90 minutes

90 minutes.  One and one half of an hour.  The average length of a feature film.  Enough time to drive about 80 miles away from your house if you live near a highway.  I could read more than half of  a typical junky novel in that time.  Or I could go get my nails done.

And this morning I did.

All alone.

I had planned to do this.  I had three ounces of milk pumped in the fridge.  Twice as much as necessary if you consider the one ounce per hour rule.

I stayed in bed with Lucy until 9:30.  She nursed and fell back asleep several times in the extra two and a half hours we lolled about in the sack.  Eventually I kissed MQD on the cheek and said something along the lines of needing to just rip the band-aid off.   Put her in the stroller and take a walk if she is cranky.  You know how to warm a bottle, right?  She might not even be hungry.  Unless you are going to the emergency room, try not to call me.  

And then he didn’t.

I sat down across from the man who does my nails and he said “How are you?”

“I’m fine,” I said.  And I waited.  For him to say “So, where’s your baby?” or “Anything new?” Surely MQD would call and say “She’s crying terribly, come home” and I’d have to say “Oh, she’s fine, I’ll be home as soon as I can…”

The man said nothing.  My phone did not ring.

“Relax your hand,” he said, shaking my fingers.  I tried.  Moments later “Relax your hand,” he said.  I am TRYING.  Can’t you see I am DYING inside because my six year old barely waved goodbye from across the street as I backed down the driveway and my infant, my less than two month old infant, is at home with my husband and they are NOT calling.   NOBODY needs me.

In silence, he did my nails.  I read my book.  “You want to pick a color?  Or you want French?”  I looked up.  “What? Oh.  French, please.”  He gestured to the other chair, next to the airbrush machine. I stood to switch chairs, leaving my wallet, my book, my sweater, but grabbing my phone.  Surely MQD would call.

The minutes ticked by painfully.  “You like?  All done,” he said.  I am sure that I paid him.  I am sure that I walked to my car, but I don’t recall speaking to anyone.   I called home immediately.  No answer.  I hung up and called again.  No answer.  He called right back.  It was quiet at first.  “Do you want me to run to the grocery store or should I just come home?”

Crying in the car at the longest stop light ever.

“We’re okay,” he said.  And then I heard her.  Not crying, really, just grumbling a  bit.

“I’m coming home.”  It takes nine minutes to get home from that shopping center.  I got home in seven. My eyes wet with tears I said “Mommy’s home, baby girl, I missed you…” and we rocked in the chair in the living room as she rooted around in search of my breast.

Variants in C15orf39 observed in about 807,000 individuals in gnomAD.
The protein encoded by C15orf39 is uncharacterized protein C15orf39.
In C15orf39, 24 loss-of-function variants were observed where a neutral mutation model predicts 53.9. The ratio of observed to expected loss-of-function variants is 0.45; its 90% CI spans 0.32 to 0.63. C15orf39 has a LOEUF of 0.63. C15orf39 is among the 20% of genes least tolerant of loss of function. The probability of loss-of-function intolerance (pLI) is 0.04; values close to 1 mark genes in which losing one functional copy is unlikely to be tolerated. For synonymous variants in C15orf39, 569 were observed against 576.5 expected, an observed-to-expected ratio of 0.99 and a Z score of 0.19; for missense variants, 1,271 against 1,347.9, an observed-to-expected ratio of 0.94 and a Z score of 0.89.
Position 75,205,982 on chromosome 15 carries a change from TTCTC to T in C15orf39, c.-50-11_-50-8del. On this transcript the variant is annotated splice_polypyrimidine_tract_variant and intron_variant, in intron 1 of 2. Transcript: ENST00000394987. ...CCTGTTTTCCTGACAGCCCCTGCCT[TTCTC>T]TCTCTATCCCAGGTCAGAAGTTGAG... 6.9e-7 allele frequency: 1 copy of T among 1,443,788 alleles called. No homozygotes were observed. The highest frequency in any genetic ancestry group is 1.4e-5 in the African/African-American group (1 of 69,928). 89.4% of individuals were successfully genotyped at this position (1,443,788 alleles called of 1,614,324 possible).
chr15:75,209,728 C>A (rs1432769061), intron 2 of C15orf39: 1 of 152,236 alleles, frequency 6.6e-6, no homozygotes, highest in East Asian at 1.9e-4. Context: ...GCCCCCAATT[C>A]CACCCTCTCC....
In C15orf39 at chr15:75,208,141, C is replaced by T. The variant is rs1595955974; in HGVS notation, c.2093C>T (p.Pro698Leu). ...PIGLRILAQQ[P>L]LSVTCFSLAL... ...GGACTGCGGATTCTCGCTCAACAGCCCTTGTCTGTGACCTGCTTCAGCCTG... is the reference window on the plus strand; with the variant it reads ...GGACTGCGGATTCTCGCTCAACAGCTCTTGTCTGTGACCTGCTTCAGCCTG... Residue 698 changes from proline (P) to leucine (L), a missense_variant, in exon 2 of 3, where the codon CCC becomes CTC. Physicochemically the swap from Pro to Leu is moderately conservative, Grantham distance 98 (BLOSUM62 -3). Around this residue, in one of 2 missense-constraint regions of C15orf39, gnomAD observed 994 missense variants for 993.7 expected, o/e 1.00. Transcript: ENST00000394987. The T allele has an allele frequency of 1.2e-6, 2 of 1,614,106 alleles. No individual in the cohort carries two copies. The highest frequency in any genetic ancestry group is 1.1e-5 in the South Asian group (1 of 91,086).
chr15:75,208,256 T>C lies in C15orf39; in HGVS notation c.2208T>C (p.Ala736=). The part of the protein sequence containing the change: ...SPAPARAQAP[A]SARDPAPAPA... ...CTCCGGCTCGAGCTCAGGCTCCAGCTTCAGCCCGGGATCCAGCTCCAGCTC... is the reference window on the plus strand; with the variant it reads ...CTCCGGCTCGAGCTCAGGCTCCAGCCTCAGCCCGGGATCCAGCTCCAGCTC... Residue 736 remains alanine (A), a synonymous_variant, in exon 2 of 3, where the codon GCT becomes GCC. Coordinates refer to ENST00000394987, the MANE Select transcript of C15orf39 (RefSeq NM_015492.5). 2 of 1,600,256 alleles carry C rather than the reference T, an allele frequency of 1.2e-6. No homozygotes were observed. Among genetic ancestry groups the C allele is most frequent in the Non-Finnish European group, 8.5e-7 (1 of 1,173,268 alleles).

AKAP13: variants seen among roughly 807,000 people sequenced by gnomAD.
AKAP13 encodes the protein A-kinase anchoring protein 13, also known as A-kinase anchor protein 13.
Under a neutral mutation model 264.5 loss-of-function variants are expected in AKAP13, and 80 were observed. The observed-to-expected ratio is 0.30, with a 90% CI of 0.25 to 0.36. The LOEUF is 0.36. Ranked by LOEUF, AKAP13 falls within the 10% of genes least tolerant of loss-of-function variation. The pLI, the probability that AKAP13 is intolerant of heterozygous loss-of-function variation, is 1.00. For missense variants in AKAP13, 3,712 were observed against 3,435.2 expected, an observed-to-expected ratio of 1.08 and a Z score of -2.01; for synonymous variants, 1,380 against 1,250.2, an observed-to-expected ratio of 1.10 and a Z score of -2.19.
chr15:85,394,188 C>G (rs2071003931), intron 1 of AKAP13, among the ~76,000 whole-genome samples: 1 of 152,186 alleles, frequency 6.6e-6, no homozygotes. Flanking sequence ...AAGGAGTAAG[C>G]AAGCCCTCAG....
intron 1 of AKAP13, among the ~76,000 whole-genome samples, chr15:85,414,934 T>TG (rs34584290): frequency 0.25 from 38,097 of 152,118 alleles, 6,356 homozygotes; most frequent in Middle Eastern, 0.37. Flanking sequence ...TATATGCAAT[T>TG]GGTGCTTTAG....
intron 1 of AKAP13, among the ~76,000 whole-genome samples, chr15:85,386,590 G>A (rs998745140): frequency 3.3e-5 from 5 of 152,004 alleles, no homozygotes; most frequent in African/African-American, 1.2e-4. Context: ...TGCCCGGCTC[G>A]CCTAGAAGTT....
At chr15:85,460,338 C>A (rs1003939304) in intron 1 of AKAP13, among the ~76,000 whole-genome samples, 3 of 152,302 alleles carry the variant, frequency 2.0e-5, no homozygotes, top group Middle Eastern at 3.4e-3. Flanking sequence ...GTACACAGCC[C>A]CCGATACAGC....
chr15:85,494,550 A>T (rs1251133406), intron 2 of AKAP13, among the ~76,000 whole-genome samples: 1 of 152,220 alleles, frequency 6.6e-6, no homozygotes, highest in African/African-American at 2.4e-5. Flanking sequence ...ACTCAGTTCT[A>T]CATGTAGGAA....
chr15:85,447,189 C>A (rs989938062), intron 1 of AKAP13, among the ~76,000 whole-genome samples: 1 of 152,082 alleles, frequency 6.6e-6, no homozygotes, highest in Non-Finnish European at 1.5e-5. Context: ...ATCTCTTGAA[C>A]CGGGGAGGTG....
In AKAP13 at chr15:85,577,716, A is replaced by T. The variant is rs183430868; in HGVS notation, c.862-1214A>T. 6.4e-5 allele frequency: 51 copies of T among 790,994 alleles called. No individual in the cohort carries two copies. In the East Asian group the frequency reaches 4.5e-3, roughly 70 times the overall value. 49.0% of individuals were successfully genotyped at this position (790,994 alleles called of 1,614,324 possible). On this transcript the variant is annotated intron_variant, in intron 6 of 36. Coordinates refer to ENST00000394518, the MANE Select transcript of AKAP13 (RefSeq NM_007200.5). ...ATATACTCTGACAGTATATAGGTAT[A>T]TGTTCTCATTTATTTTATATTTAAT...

“How was it?” MQD asked.

“It was fucking awful.  I know I need to go.  But it was fucking terrible.”

 

Fortunately for me, I had my nails done, not my make up.  And crying doesn’t ruin your fingernails.

 

10 responses to “90 minutes

  1. Yeaaaahhh. My heart was racing while reading this. Nature is effing crazy isn’t it? But well done, MQD! Just next time send a text asking a silly non critical question. It will make mama feel needed and release her from her emotional prison (ask me how I know) ;)

  2. mommysaidaswearword

    The first time I left my daughter with my mom, I got trapped in a snow storm on the way home and it took a billion hours. I sobbed the whole way. After that, all trips sans-baby were local. I know how you feel! But you are right- you have to do it. Next time get a massage- maybe you will think about it less!!!

  3. Oh god. I can relate this is the worst way! It’s so terrible. I can’t stand to leave my kidlets alone, even with my husband. It breaks my heart to hear them crying over the phone, but it kills me even more to not get a call at all! I’m mommy! You need me! Please need me! Haha. Your nails look great, though.

  4. Your nails look great. Your ego needs polishing. Mike did a good job, Emily knew you were coming back so she could safely be too cool to care that you were going, even Lucy is already secure in your dependability in keeping the diner open They can all be casual because they need do need you and they know you take that responsibility very seriously. Get a grip girl.

  5. Seeking Joyful Simplicity

    Oh man now I’m crying too.

  6. I love you and I miss you, but you totally have me crying again…. <3

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